The group plans to gather from 7 a.m.-6:30 p.m. Sunday on the sidewalk surrounding the church to peacefully protest Rothrock’s statement.
Rothrock has not responded to WRTV’s request for comment. In March, Our Lady of Mount Carmel Catholic Church in Carmel announced Rothrock would become its next pastor.
Carmel Mayor Jim Brainard is a member of St. Elizabeth Seton Catholic Church. He also has not responded to a request for comment.
Rothrock has posted a new “response and clarification” on the church website:
I am somewhat surprised that my recent article has received such extensive coverage and has aroused such interest and debate. It was not my intention to offend anyone, and I am sorry that my words have caused any hurt to anyone.
From the Christian perspective, we are called to promote peace and justice. The peace we proclaim is the Peace that comes to us in the person of Christ Jesus our Lord. The justice we seek is granted to us from God. These values and beliefs are not the property of governments or political parties.
Since the earliest generations, when the disciples of Jesus began their work to usher in the Kingdom of God, there has been resistance, even within the Church herself. The Gospel message is a narrow door that resists any kind of compromise. Slavery was a fact of the ancient world. The Church brought a message of hope to the enslaved, that their bondage was about to come to an end. It took many hundreds of years to banish the institution of slavery. The Gospel remains firm in the teaching that all people are welcome to the table in God’s Kingdom. Racial and ethnic bigotries are evils that have been rightly condemned by the Church and are not to be tolerated. They have never been tolerated by me, and never will be. Life is a sacred gift from God and must be reverenced as such. The institutional sin of black enslavement had to be removed from our nation at a terrible cost and the damage has not departed from us. The sin of bigotry has remained a part of the fabric of our society. This must be rooted out of our culture through the grace of spiritual conversion in the hearts of everyone. It is the task of every Christian, and certainly every Catholic, to uphold the Gospel and the social teaching of the Church. I have always held firm to this belief and have promoted this teaching at St. Elizabeth Seton.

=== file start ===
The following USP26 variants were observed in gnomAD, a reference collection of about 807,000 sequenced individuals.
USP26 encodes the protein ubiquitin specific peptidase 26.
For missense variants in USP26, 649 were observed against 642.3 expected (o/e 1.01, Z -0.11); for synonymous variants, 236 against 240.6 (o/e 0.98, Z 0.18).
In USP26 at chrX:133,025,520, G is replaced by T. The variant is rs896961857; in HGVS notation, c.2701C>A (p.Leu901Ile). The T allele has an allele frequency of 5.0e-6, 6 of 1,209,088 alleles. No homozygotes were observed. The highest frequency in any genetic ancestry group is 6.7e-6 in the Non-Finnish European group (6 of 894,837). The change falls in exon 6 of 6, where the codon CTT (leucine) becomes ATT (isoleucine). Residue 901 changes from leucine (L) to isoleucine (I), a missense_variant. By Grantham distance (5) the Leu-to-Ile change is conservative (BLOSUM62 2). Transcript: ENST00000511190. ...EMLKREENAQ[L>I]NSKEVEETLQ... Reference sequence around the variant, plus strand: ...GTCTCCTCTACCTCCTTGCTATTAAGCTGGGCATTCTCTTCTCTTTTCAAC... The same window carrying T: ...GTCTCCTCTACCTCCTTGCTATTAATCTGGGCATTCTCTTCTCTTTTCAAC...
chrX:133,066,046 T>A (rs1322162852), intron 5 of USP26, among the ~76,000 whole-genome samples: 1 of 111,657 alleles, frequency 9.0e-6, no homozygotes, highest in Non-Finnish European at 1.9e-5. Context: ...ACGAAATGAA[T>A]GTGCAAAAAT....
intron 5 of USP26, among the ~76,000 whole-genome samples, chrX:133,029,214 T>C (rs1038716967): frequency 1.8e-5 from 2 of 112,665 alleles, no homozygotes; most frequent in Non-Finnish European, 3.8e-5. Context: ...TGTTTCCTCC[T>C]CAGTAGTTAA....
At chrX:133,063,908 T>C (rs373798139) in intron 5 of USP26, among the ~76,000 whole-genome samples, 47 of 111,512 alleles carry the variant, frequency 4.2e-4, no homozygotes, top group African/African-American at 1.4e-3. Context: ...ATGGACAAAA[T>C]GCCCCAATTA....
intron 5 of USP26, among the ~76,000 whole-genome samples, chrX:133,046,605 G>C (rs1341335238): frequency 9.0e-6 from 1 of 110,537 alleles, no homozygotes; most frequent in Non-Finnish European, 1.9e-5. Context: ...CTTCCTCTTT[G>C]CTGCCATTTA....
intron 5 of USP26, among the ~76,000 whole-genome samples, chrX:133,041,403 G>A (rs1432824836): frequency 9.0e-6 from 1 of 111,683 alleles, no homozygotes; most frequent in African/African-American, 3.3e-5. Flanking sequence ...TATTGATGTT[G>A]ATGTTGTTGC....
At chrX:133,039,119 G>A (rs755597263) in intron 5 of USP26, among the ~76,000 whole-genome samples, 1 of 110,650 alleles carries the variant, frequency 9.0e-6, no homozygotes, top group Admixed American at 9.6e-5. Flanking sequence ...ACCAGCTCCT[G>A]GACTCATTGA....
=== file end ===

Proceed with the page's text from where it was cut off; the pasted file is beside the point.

However, we must also be fully aware that there are those who would distort the Gospel for their own misguided purposes. People are afraid, as I pointed out, rather poorly I would admit, that there are those who feed on that fear to promote more fear and division.
The Gospel of Jesus Christ brings clarity and purpose to our human condition as the children of God. The central message of Christianity is contained in the belief that God so loved the world that he gave us his only Son. Not to condemn us, but to bring us into eternal life. At St.Elizabeth Seton we have prayed the Peace Prayer every day for the last nineteen years.
Lord, make me an instrument of your peace: Where there is hatred, let me sow love; Where there is injury, pardon; Where there is doubt, faith; Where there is despair, hope; Where there is darkness, light; Where there is sadness, joy.”
This is the message we seek to instill in the hearts of all people, turning fear into faith.